Tajikistan's President Emomali Rahmon apparently takes great pride in breaking records.
A month after officially raising the country's flag on the world's tallest unsupported flagpole in the Tajik capital, the president began construction of what is going to be Central Asia's biggest mosque, not far from downtown Dushanbe.
Rahmon demonstrated a hidden skill when he took control of an excavator to start digging the foundation for the building.
The $100 million project will be completed by 2014, Tajik officials told local media. The Persian Gulf kingdom of Qatar is putting up 70 percent of the cost of the project, with Tajikistan raising the rest.
The mosque will accommodate some 115,000 worshippers at a time -- or approximately one-sixth of the population of Dushanbe, a city of some 700,000.
The construction of the mosque initially started in 2009, but the project was halted for unknown reasons.
The plans are being implemented at a time when Dushanbe has come under criticism for putting pressure on religious institutions.
Dozens of mosques has been closed down or denied registration in different provinces, with authorities saying they did not meet requirements.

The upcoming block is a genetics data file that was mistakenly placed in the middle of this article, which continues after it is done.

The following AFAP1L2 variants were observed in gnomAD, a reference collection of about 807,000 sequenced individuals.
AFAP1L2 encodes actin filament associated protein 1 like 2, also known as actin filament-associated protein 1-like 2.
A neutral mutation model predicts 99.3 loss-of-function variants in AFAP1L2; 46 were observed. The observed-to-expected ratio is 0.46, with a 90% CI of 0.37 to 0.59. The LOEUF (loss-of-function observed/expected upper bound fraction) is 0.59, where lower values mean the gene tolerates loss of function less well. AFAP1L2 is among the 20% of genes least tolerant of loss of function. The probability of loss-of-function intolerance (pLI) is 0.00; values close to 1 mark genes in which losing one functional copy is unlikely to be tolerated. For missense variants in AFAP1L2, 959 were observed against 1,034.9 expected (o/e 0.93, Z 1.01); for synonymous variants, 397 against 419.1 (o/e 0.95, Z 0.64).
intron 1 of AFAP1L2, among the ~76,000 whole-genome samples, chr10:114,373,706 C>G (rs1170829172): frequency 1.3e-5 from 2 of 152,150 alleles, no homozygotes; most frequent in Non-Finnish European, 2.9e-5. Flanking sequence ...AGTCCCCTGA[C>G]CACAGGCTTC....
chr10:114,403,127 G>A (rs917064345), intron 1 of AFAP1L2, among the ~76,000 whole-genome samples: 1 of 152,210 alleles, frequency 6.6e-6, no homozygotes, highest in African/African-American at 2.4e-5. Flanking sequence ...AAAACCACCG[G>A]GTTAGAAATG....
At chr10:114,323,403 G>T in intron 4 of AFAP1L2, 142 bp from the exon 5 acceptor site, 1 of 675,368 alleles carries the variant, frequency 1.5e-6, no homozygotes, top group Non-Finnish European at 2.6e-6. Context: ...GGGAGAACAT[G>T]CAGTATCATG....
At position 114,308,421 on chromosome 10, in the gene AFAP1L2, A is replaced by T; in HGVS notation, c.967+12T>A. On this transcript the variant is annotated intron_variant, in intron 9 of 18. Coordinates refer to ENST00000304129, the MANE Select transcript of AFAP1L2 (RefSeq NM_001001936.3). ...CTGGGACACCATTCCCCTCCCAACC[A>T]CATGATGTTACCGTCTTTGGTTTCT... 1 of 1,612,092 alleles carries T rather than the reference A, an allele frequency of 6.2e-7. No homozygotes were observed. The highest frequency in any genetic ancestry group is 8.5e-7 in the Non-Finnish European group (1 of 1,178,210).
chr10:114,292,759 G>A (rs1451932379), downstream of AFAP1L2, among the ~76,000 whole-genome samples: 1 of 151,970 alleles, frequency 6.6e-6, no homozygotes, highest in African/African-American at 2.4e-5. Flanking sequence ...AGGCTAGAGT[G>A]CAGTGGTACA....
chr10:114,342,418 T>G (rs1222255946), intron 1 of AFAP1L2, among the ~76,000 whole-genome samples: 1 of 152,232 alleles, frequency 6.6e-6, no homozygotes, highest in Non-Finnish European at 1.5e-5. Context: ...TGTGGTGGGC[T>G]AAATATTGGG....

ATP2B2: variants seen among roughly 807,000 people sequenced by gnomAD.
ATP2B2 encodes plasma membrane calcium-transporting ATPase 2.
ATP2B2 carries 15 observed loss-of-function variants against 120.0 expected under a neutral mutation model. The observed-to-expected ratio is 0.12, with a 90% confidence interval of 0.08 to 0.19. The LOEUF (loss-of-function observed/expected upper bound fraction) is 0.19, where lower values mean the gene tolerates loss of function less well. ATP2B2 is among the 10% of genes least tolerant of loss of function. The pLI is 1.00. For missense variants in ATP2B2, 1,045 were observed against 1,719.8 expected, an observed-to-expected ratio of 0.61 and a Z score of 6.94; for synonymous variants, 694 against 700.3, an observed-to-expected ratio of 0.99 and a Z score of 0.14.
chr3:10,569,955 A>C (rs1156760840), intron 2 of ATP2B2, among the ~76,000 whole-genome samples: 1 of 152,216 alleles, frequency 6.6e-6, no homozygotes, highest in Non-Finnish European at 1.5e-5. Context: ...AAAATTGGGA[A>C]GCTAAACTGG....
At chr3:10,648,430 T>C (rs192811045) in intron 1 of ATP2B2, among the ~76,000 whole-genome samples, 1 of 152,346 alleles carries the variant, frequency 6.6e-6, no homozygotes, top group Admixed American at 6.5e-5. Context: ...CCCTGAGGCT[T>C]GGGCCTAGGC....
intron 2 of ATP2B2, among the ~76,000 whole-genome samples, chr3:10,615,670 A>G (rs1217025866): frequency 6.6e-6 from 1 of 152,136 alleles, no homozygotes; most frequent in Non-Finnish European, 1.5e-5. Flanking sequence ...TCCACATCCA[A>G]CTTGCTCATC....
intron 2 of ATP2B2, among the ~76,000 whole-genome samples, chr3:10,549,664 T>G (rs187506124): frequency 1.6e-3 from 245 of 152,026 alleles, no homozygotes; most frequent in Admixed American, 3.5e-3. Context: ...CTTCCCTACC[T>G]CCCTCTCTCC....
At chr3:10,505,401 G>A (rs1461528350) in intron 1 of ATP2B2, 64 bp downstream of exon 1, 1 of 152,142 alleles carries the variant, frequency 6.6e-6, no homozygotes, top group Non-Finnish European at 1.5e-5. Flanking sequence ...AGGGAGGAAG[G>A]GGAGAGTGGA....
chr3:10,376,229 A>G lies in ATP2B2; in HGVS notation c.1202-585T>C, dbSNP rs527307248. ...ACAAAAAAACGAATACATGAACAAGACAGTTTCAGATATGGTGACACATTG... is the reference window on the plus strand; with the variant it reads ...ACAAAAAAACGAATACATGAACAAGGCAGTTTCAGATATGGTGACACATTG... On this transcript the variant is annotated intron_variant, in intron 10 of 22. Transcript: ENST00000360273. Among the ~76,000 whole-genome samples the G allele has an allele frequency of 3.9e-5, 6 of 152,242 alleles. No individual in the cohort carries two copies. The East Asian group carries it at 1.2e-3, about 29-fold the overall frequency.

Officials in the southern Khatlon region are set to turn several unregistered mosques
into gyms and aid stations, AsiaPlus news agency recently reported. Some 16 mosques in Khatlon's Jomi district have been turned into cultural centers.
Over 1,000 Tajik religious students were brought home from foreign Islamic schools last year, after President Rahmon warned they faced the risk of becoming terrorists and extremists.
Officials in Dushanbe maintain they do not restrict freedom of religion. There are currently over 3,800 officially registered mosques in Tajikistan, including some 40 grand mosques.
-- Farangis Najibullah